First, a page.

stabilizing the copper particles and not collapsing under the
catalysis conditions (220 8C, CO/H2). These observations
confirm our earlier assumption, namely that the complicated
metal–support interaction in the case of Cu/ZnO could imply
a local interfacial phenomenon of Cu-O-Zn species that
apparently does not require a well-developed (nano)crystalline ZnO phase.[14]
Thermal transformation of 3@MOF-5 (190 8C, 4 h, H2
stream) into Au@MOF-5 leaves the crystalline host lattice
completely intact (XRD and Langmuir) as also found for
Cu@MOF-5 but in contrast to Pd@MOF-5. TEM data
(Figure 4) show polydisperse gold particles in a range of 5
to 20 nm. Apparently the gold atoms or gold clusters (or
nuclei) primarily formed by decomposition of 3 are more
mobile in the open MOF structure than the copper or
palladium clusters and thus bigger aggregates are formed
within the pores and a diffusion of gold particles to the outer
surface also takes place, which accounts for the large gold
particles of around 20 nm found outside the pores. Analogously this phenomenon was found for Au@MCM-41 and, as
in our case, attributed to a very weak gold-particle–support or
wall interaction.[16]
The highly porous Au@MOF-5 material proved to be
inactive for catalytic CO oxidation. The gold nanoparticles
spread through the intact MOF-5 lattice and at the surface of
the MOF-crystallites apparently lack the strong metal–
support interaction or promotion (Au/TiO2, Au/ZnO)[17]
necessary for this catalytic effect.
Table 2: Catalytic performance of different metal@MOF-5 systems.
Production rate
Metal surface
wt % metal
[mmolMeOH g
h ]
[mmolMeOH m h ]
[m g ]
wt % Cu
[mmolCOA gcat:1 h 1][b]
[mmolCOA mcat:2 h 1][b]
[m2Pdgcat:1 ]
wt % Pd
[mmolCO2 gcat:1 h 1]
[mmolCO2 mcat:2 h 1]
[m2Au gcat:1 ]
wt % Au
wt % Zn
[a] Zinc content of the MOF lattice and not additionally incorporated into MOF-5. [b] COA = cyclooctane.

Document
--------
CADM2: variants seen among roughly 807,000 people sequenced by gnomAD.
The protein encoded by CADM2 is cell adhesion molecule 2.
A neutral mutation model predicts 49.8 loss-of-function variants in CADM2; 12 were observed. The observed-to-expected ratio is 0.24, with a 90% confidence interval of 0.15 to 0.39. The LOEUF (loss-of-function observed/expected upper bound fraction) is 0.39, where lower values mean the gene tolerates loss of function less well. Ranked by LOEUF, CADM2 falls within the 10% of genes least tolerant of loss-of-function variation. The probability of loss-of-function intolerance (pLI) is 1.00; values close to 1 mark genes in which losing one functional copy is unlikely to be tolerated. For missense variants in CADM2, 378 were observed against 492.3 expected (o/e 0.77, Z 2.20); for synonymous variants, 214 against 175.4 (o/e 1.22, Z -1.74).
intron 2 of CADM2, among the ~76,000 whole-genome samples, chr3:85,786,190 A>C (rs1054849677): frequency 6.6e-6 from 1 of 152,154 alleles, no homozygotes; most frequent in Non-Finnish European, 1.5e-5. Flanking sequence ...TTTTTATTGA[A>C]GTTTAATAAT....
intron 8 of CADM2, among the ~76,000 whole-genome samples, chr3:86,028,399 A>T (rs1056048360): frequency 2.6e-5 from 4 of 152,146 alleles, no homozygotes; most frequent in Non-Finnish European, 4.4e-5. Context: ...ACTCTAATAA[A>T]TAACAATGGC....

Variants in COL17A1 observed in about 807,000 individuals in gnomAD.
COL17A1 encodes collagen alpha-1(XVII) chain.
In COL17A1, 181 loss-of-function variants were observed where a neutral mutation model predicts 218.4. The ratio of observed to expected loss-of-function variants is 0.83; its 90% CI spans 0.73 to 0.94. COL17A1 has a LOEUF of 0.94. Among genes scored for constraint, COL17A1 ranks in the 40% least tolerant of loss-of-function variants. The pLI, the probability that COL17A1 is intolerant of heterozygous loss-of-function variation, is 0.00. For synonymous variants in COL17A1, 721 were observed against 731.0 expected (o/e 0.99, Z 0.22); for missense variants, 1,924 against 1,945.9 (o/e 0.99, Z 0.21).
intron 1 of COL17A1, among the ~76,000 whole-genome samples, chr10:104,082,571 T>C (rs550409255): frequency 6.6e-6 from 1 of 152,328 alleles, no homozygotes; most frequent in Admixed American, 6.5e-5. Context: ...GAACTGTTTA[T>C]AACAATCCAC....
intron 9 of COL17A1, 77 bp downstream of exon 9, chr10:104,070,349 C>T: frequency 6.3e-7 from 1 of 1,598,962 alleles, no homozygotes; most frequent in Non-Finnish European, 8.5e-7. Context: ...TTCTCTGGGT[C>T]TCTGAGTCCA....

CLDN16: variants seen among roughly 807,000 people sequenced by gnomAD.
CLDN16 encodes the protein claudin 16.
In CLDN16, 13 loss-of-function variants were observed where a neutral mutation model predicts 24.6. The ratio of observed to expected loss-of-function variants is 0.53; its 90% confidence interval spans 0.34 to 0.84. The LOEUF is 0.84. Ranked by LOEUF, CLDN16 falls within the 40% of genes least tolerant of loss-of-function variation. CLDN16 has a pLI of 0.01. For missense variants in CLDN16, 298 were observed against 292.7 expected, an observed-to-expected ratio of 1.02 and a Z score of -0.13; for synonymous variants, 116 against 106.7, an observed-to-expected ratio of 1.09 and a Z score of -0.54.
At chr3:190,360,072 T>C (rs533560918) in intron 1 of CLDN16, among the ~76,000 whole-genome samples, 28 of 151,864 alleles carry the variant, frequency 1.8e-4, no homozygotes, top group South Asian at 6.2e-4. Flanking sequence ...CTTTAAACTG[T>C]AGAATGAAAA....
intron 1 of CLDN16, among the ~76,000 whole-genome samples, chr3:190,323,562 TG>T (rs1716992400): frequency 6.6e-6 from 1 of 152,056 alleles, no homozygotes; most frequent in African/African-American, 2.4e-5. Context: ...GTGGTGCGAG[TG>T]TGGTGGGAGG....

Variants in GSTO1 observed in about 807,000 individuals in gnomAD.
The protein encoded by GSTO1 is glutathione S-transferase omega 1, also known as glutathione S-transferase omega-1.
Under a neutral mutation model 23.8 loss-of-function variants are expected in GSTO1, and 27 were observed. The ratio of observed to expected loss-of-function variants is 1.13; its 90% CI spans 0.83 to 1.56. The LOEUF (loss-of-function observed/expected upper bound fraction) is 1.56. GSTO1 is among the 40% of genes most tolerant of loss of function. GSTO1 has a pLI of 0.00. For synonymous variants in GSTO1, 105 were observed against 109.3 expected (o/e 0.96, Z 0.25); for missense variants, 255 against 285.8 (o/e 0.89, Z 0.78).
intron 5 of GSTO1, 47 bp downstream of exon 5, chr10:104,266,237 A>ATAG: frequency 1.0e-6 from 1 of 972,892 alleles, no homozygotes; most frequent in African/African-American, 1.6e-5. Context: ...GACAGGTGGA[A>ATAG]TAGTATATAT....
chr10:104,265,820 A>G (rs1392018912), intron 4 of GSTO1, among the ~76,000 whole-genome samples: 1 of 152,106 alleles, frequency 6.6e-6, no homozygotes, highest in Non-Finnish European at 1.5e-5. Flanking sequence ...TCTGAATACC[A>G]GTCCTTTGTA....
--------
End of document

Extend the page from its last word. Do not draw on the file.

Angew. Chem. Int. Ed. 2005, 44, 6237 –6241
2005 Wiley-VCH Verlag GmbH & Co. KGaA, Weinheim
77.36 K. The copper surface area of Cu@MOF-5 and its methanol
synthesis activity was determined as described elsewhere in detail.[16]
A mixture of 72 % H2, 10 % CO, 14 % CO2, and 14 % He was used as
synthesis gas. For tests on Au-catalyzed CO oxidation see ref. [20].
For the determination of the Pd surface and details on cyclooctene
hydrogenation see ref. [21].
Further experimental details can be found in the Supporting
Received: November 4, 2004
Revised: March 18, 2005
Published online: August 30, 2005
Publication delayed at authorQs request
Figure 4. Powder diffraction patterns of the systems a) MOF-5
b) Au@MOF-5 (after reductive treatment with hydrogen at 190 8C)
c) TEM image of Au@MOF-5.
An alternative, and very gentle path to metal@MOF
materials with a persistant, crystalline host lattice is the UV
photolysis of the intermediate inclusion compounds 1–3@
MOF-5 at room temperature (water cooling) under inert gas
(Ar, He) or vacuum. GC/MS analysis of the gaseous byproducts in the case of photochemically generated Pd@
MOF-5 merely shows cyclopentadiene as well as three further
products of composition C8H10 and C10H12. For Cu@MOF-5
C10H12 (fulvalen) as well as PMe3 are found. TEM images
(Figure 2 and Figure 3) reveal very small palladium and
copper clusters (1–2 nm).
Our results show that metal organic chemical vapor
deposition offers novel perspectives for the host–guest
chemistry of porous coordination polymers. Nonaqueous
colloid chemistry of metal and semiconductor nanoparticles
is likewise based on metal organic precursor chemistry.[18, 19]
Thus, MOF-5 and related solid-state materials will have lots
to offer as moderately temperature stable “crystalline solvent
cages” for the analysis of the chemical and physical properties
of “naked” inorganic nanoparticles of all kinds, even beyond
the scope of heterogeneous catalysis.
Experimental Section
Metal@MOF-5: Thermal metal organic CVD (MOCVD) loading: a
sample of the freshly synthesized,[2, 4] pure solvent free MOF-5
template (50 mg) was placed in a Schlenk tube together with
precursor (1–3; 100.0 mg) in a separate glass boat and warmed in
static vacuum (1 Pa) for 3 h to 343 K (for 2 and 3), or left at room
temperature (for 1). Samples of the thus obtained well defined
intermediates 1–3@MOF-5 (40 mg) were then reduced under H2 at
23 8C (30 min) for Pd@MOF-5 or at 150 8C (1 h) for Cu@MOF-5 and
190 8C (2 h) for Au@MOF-5. Cooling in vacuum (10 3 mbar) to room
temperature (2 h) removed traces of the gaseous decomposition
products (control by IR and 13C-/31P-MAS-NMR).
Photo MOCVD loading: Samples of the intermediates 1–3@
MOF-5 (30 mg) synthesized as described above where photolysed in
an inert gas stream (Ar, He) for 2 h at 25–30 8C (Hg high-pressure
lamp, 500 W, Normag TQ 718) and traces of remaining ligand